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This is how I explain the headspace of mothers today: “If you want to know what’s going on inside my head, think of a computer with 236 internet tabs open all at the same time.”
Next time you’re trying to explain your exhaustion to your husband or partner, feel free to use it.
That is life as a working mother these days. A head full of information, clicking from tab to tab all day long, shifting from: “what time is it, do I have time for yoga, no, bugger (insert guilt), what day is it, do the kids have swimming/library/homework/soccer/ballet/a cold (insert another run of thoughts related to what needs to be done/packed/arranged for all those), have we run out of porridge/bread/butter, what am I going to put in lunchboxes, did that email come in, do I need fuel in the car, what meetings are on today, did I replace the shoelaces in those school shoes, shit no I didn’t, bugger, bad mother, what am I going to wear, no that won’t fit (insert bad feeling here), what’s the weather like, what’s in the wash, bugger the washing basket is full, don’t forget to put a load on and DON’T FORGET TO HANG IT OUT TODAY….” and that’s all in the first couple of minutes of being out of bed.
We haven’t even started with the amount of information that comes along once we start looking at the day’s papers, emails, Facebook posts, conversations, work meetings, and to do lists.
If I ask my husband what size shoes the kids take, he would wonder why I was asking him, because it’s not something he needs to know, is it? But I need to know. Along with a trillion other details that come together to make life tick over every day.
Sound familiar? I bet it does because I hear it all the time from women who can’t seem to find clarity on anything and need some head space. And from people looking for someone to tell them what to do because they never seem to be able to find the space for a single thought at a time in order to make their own decisions.
I feel it’s part of the reason why people have become so reliant on books and others to tell them what to do – their heads are too full of noise and information to find clarity around what they need for themselves.
Smartphones and the internet just add to the mind clutter and information overload. It makes choices harder – have you ever googled a recipe idea and felt overwhelmed by the sheer number of options? We have so much choice now we can feel stuck about which one is right.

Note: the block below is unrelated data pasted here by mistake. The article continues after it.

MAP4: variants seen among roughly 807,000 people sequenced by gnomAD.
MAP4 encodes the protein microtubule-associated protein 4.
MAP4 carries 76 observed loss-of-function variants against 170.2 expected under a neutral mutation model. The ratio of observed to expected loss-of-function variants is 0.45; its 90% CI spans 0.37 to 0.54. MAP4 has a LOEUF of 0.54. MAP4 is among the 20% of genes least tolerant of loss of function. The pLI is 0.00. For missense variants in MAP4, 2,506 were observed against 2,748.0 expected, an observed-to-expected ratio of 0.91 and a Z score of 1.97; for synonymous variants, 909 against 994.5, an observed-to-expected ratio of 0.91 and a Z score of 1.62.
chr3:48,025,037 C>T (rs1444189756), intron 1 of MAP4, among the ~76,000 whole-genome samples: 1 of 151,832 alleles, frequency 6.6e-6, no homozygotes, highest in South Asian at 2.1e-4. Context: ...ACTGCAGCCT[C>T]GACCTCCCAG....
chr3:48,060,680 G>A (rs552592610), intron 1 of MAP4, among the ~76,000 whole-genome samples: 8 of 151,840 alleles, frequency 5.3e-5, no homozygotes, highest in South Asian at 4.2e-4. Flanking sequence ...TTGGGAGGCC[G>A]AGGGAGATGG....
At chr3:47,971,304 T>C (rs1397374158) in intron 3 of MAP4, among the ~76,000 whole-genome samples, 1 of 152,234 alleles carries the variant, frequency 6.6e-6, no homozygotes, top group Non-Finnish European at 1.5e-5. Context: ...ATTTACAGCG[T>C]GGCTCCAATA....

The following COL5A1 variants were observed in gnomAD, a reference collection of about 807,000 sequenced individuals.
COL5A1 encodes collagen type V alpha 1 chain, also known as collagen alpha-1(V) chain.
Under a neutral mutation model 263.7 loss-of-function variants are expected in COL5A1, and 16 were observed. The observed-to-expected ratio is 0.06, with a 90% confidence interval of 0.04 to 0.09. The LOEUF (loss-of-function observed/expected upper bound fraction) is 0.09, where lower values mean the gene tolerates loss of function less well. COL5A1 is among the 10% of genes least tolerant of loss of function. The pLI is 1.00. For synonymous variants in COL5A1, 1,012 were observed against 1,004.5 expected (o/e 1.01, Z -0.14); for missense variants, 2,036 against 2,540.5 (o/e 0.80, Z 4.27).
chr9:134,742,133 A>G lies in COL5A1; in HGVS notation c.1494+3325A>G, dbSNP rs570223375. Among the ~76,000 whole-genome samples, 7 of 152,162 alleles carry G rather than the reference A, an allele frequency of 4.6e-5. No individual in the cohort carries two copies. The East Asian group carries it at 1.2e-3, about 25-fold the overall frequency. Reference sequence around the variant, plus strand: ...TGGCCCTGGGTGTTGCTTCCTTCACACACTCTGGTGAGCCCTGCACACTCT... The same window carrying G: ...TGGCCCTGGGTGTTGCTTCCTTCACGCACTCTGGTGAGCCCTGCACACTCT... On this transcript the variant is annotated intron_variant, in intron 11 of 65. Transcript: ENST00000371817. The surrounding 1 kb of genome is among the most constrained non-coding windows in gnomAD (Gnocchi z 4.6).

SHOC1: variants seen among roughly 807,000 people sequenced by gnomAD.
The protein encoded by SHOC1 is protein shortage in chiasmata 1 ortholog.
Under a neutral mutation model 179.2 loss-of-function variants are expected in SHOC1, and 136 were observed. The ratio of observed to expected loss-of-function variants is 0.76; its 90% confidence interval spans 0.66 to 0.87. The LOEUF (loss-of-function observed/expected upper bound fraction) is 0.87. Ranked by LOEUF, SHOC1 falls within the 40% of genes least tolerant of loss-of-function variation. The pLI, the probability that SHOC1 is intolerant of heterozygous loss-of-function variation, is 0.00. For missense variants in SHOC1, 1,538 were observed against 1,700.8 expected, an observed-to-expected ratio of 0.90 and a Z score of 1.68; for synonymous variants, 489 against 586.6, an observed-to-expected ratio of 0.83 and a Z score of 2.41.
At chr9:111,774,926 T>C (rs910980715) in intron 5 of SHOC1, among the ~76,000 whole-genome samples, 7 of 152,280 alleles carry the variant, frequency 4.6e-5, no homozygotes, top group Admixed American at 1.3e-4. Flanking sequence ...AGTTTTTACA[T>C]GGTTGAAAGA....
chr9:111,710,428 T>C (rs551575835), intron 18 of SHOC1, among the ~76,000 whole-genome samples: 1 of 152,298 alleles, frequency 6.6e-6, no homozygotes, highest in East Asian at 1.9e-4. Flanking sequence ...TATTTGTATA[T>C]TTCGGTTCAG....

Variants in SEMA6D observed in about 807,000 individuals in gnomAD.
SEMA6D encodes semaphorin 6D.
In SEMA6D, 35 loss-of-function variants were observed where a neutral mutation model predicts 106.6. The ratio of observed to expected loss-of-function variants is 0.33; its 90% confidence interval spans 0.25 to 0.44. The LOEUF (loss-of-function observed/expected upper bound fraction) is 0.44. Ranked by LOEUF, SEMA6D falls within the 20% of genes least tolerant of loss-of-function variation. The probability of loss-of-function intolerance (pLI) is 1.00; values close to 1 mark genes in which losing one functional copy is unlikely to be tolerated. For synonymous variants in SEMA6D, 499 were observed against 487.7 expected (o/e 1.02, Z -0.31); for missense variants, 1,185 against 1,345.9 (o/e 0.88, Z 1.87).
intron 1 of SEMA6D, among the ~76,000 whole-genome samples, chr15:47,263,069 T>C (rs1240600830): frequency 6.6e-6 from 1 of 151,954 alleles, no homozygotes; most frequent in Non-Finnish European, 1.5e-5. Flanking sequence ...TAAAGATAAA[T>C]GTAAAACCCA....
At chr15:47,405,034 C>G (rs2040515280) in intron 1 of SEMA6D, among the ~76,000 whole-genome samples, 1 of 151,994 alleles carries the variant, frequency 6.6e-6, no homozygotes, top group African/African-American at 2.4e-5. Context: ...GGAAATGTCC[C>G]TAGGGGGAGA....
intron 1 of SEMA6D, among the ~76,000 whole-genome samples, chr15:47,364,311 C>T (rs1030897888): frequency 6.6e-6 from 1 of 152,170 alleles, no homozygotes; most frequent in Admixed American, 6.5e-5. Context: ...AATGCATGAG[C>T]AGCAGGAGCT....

It’s estimated we have 60,000-80,000 thoughts every day. That’s an average person, so let’s push that number higher for a working mother.
Our brains are constantly assessing a stream of information, from the sounds we hear, the sights we are seeing, the smells around us, what we are physically feeling, and the information we are reading all day long. One report from 2009 suggested the average American consumed around 34 gigabytes of content and 100,000 words of information in a day. It also found much more of the information we’re processing is now interactive, as compared to how it was when we were kids back in the 80s, due to the rise of the internet.
With more thoughts and information, less time outside or spent in down time, it all adds up to a feeling of being frazzled and fatigued. It also affects our bodies in a number of ways – raises stress hormones, impacts digestion, affects our mood, hormones and weight because our minds and bodies are innately linked. What affects one affects the other. Our bodies may be evolving to cope with this new world, but not faster than Apple is. So we feel the effects on a daily basis.
It’s more important than ever that we understand what’s happening in our daily life and how to manage it.
The mind clutter we collect every day adds to a sense of weariness, fatigue and overwhelm, so trying to clear it out and keep some space free up there is well worth the effort.
Here’s how to clean up your mind clutter:
The first step is to be aware of your thoughts and feelings of pressure. If you feel you have too much going on in your mind, take some deep breaths and try to switch off for a few minutes. Even better – meditate!
Secondly, monitor your online time – does it need restricting? Do you really need to scroll for more information? Probably not. Give your mind a rest.
Thirdly, create time and space in your day for nothingness and nature. Even a few minutes will work wonders.